So, for those books that you just don’t get, for whatever reason, do you review them at all or leave them alone? How can you warn readers that they won’t get a HEA without spoiling it? I don’t want to be bitchy, but this particular author really needs to re-bill herself as straight suspense, not romantic-suspense.

Should I focus on spreading love for the indie books that I believe truly deserve to get additional attention, and ignore the ones that I just didn’t quite get?

Again, I want to be clear that I’m not talking about “competitive reviews” that I’ve read about lately, where someone is trying to bring another author down. That’s not it at all.

Dilemma 3: What Scale do you Use?

I’ve always approached it as a “5” would be hard to earn. But what if 5 means it’s a book you enjoyed, and you would read more by this author. It doesn’t exactly have to be the BEST BOOK EVER, right?

I’m aiming for escapism in what I read and write these days. I don’t expect someone to tell me that my book changed their life. I just want to give them a fun little afternoon.

5 – Great story, great characters

4 – Enjoyed it – had some concerns

3 – Probably won’t remember it but no issues

2 – Serious issues (plot, excessive typos, characters not believable)

Yes, I over-analyze things. I should probably just head on over to the great river and give a shout-out to some of my recent favorites. But if I’m going to do it, I want to do it right, and I want to be fair.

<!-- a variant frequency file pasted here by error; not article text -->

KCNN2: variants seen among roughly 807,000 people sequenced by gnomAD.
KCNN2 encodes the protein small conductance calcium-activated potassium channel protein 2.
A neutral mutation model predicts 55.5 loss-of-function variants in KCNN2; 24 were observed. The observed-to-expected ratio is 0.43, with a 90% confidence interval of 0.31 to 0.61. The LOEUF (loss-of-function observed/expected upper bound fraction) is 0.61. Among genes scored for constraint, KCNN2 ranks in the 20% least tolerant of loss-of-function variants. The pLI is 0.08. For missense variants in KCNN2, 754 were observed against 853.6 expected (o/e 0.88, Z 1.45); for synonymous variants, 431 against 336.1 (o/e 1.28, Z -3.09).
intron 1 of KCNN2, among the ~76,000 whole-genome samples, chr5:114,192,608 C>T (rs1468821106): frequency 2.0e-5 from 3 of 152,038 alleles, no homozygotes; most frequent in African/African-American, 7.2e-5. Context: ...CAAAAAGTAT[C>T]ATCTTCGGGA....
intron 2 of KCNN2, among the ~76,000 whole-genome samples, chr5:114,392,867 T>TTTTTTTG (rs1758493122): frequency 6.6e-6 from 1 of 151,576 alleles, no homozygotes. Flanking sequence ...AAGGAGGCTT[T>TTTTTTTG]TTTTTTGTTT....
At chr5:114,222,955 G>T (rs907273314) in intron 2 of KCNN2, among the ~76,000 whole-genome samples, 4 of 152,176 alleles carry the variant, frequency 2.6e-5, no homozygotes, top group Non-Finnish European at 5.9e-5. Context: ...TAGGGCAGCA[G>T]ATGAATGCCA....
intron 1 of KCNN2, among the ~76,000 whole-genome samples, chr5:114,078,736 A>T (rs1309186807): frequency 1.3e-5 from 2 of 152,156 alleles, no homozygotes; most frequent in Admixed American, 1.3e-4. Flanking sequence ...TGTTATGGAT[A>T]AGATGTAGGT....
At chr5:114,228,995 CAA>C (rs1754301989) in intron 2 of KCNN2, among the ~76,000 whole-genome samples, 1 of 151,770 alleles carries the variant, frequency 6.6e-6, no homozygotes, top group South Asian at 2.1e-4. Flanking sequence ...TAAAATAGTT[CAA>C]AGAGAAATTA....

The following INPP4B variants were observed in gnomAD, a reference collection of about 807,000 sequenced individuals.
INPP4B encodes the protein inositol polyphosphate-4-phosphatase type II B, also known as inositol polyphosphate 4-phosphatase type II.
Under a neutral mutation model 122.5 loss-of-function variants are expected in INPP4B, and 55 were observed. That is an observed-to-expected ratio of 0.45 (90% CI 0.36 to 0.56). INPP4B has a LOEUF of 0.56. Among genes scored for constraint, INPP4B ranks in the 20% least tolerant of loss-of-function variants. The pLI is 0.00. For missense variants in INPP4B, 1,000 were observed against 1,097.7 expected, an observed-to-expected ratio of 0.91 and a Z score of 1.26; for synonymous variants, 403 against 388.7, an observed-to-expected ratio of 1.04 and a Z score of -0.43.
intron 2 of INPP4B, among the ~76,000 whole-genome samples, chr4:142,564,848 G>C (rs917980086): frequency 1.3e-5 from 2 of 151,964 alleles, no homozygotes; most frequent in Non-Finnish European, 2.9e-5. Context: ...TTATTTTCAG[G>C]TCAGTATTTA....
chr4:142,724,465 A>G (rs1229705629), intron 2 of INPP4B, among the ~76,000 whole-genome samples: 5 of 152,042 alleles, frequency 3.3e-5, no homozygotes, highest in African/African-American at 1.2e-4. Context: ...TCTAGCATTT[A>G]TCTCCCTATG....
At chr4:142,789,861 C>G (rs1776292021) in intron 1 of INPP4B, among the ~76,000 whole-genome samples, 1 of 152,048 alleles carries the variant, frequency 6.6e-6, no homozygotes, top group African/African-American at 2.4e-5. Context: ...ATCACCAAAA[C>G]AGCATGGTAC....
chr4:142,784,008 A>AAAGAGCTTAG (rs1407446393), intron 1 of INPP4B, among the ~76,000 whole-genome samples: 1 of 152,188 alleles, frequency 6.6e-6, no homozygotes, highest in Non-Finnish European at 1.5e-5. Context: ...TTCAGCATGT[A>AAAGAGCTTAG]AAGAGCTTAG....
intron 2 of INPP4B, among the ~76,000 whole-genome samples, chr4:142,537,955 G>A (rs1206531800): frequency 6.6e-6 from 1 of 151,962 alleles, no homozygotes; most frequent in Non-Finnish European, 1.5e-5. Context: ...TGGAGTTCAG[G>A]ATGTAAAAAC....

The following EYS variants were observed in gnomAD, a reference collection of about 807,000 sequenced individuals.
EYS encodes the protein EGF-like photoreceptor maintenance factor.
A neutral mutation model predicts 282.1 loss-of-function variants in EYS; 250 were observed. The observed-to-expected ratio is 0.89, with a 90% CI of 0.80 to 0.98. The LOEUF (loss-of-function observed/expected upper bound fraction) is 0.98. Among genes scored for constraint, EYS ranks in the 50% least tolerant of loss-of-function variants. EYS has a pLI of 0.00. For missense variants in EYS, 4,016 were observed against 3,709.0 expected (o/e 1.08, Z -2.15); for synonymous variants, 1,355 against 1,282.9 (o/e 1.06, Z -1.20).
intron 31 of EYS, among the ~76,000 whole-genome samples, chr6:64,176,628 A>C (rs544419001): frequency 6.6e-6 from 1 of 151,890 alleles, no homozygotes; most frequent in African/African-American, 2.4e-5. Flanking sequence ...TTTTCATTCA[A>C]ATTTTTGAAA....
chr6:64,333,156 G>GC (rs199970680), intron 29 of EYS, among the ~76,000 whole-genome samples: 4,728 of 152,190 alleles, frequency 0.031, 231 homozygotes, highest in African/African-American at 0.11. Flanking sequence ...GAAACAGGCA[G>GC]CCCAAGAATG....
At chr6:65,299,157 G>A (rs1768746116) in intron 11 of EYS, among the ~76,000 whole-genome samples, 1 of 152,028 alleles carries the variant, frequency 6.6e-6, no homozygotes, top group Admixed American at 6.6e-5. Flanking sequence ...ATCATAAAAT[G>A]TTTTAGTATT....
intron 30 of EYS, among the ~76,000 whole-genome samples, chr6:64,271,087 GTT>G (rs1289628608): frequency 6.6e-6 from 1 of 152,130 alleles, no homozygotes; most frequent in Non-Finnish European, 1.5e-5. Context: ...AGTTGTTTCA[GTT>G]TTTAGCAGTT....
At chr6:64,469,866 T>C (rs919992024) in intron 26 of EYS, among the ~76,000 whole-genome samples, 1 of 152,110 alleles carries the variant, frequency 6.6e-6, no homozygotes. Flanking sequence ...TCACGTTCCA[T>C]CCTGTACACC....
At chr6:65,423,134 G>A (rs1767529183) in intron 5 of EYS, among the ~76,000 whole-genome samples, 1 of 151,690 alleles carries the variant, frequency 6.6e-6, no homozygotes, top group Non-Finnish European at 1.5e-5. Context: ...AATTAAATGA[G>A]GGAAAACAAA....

I would LOVE some opinions here!  Thanks in advance for sharing.

This post is a great take of the adage “Kill your darlings”. I am about to purchase her book on writers and social media — We Are Not Alone.

Confessions from a Romance Writer!

One of my favorite bloggers is featuring confessions by writers today. I thought I would join in the fun and put my little secret out there. A shout-out to her post is here. http://www.patricialynne.com/4/post/2012/09/written-confessions-blog-hop1.html

My confession has two parts.

Here goes…. I read (and write) trashy kidnap/abduction romance novels. Yes, I admit it. (They say that’s the first step, right?)  I like all kinds. The hero (or heroine) has to be a good guy who is doing this bad thing for the right reasons. It doesn’t have to be a forcible taking, although that’s the best. The heroine could agree to go somewhere and then not be able to leave. Historical, paranormal, contemporary — you name it, if it’s got a romantic kidnap plot I will snatch it up. Why is that? I don’t know, but why fight it?

Do I want to be kidnapped by a Scottish laird and sent back in time, or trapped on a pirate ship? Of course not. But man, it makes for some steamy reading. So any writers stumbling across this — if you have a kidnap plot, post a link in the comments and if you’re under $5 on the kindle you’ve got almost a guaranteed sale. If I don’t already own it.

My current work in progress, A Strategic Alliance, has the barest hint of a kidnap plot, but it was enough to keep me going.  Stolen away on a yacht with a gorgeous hunky man? I’m there.

The second part of my confession is that, despite my obsession with kidnap/abduction plots, I have not read the big bondage trilogy out there right now. Too many writers that I respect said the writing was atrocious. Plus, the price point was higher than I want. I can get my erotica fix elsewhere, so I passed. (Since I haven’t read it, I don’t know whether there’s a kidnap/abduction component or not, but bondage usually has some elements of forcing or what would be the point?) Let me be clear that most of my kidnap plot ideas are the actual taking. The romance comes later, and and rape, fake-rape, or rape fantasies are never ever involved.

So there you have it. I put it out there. What about you? Do you have a confession?